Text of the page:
"I'm sending you back with a gift," God says and Claire's attention becomes immediately focused.
"Is it a pony?" she asks. "I've always wanted a pony and my daddy says that if I'm really good then someday he'll buy me a pony but he won't tell me when so I have to be good all the time and it's starting to get really boring."
This lengthy explanation causes God to pause slightly and reconsider her decision.*
"No, honey, it isn't a pony..."
"Is it a little brother?" Claire begins again and God fights the urge to clamp Her hand over the child's mouth. "My mommy says that I could have a little brother if my daddy wasn't so busy all the time with his work. Daddy says that if I have a little brother, it better not look like the milkman because then we'd have to find a new one and good milkmen are hard to find."
God, being the responsible and somewhat omnipotent being She is, realizes at this point that a proper response to all of these admissions is lacking and therefore chooses a different tactic.
“Right. Okay. Well, Claire, here’s My gift to you: you’re going to be My assistant when you get older. You’ll tell people things for Me.”
“Like that telephone game Sarah Truman plays?”
“Yes, just like that telephone game Sarah Truman plays.”
“You know Sarah Truman?”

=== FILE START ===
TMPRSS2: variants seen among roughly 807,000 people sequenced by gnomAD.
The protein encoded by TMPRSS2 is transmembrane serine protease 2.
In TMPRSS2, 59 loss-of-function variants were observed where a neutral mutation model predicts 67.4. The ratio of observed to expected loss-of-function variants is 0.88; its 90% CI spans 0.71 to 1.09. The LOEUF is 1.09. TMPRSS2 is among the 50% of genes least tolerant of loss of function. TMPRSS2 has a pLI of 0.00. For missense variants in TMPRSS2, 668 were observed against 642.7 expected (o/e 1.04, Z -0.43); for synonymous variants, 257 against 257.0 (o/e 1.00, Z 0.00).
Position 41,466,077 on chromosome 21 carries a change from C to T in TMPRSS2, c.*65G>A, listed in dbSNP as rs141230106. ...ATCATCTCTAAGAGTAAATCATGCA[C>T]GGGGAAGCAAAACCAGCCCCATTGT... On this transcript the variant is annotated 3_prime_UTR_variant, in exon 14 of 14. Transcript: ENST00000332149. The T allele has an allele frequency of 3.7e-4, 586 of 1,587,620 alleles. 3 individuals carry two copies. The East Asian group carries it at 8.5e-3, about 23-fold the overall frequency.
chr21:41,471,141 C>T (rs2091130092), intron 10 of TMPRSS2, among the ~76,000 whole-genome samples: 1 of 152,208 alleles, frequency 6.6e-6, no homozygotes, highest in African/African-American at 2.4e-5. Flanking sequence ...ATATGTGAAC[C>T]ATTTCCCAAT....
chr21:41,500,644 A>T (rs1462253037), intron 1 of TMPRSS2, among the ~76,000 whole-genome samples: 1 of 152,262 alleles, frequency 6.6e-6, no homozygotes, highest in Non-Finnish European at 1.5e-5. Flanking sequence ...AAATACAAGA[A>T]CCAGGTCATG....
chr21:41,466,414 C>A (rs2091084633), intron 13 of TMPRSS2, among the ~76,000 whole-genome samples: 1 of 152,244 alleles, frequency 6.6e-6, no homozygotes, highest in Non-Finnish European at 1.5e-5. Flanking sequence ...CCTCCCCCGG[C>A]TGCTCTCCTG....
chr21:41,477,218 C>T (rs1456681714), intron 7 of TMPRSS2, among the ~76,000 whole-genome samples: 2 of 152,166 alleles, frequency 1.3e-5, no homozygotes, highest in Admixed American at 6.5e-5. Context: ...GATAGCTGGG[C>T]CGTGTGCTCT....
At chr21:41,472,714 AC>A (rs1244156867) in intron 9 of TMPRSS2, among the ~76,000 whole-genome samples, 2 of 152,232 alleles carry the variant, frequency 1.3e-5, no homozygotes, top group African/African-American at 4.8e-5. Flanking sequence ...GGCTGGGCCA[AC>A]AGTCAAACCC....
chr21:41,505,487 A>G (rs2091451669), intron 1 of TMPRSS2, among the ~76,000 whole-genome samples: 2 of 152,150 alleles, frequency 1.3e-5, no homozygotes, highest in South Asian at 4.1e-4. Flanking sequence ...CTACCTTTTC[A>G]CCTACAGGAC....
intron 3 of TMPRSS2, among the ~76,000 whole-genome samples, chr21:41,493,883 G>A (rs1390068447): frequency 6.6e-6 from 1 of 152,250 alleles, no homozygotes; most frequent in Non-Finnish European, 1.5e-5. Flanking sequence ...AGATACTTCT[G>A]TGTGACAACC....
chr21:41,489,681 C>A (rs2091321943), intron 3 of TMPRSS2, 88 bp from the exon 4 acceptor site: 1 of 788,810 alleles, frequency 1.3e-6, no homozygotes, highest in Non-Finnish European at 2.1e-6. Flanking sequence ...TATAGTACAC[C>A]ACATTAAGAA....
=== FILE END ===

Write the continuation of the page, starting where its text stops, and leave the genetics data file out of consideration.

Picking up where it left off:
“She doesn’t believe in You.”
At this point, God decides to cut Her losses and run and leave the paperwork for someone more patient than Her, someone like Her archangel Gabriel (his penmanship is simply to die for). So, She snaps Her fingers and sends Claire back to her body and her family and jets on back to Her offices at Heaven, Inc. She does, however, make a point of filling out the HI-245 form, Sibling Requisite Form.
She hopes a little brother will be just the kind of balance Claire needs.**
* * *
"I got to meet God," Claire says when she's finally awake and warm.
"Really, and how is She?" Katharine asks her only daughter.
Claire considers this question as she sips her hot chocolate. Harry pauses in the doorway of the living room to eavesdrop on the conversation.
"She's gorgeous," Claire says, "and She had the coolest ice skates. They had gold wings on them!"
Katharine laughs at her daughter. "Hermes made them especially for Her a hundred years ago, so She'd always be able to stay standing up in them. She's a horrible ice skater."
"I'm going to work for Her when I'm older," Claire says and from the doorway Harry laughs. "A nice big office at Heaven, Incorporated."
"Of course you will, dear," Katharine says, unaffected as always. "Now, who wants more hot chocolate?"
* Because of this one incident with Claire, God no longer contracts young children to be prophets. She learned Her lesson the hard way by trying to explain to a six year old the concept of prophetic dreams and visions. Like explaining the difference between a holy vision and an acid trip to a nun, which She’s also done once before...
** When Patrick is born that Christmas, it means Claire is no longer the center of attention, which means she has to learn how to fend for herself, which in turn means she starts listening better. It also helps that later down the line, when Patrick turns fifteen, he decides he wants to be an accountant, a much more down to Earth profession than Claire's. Literally.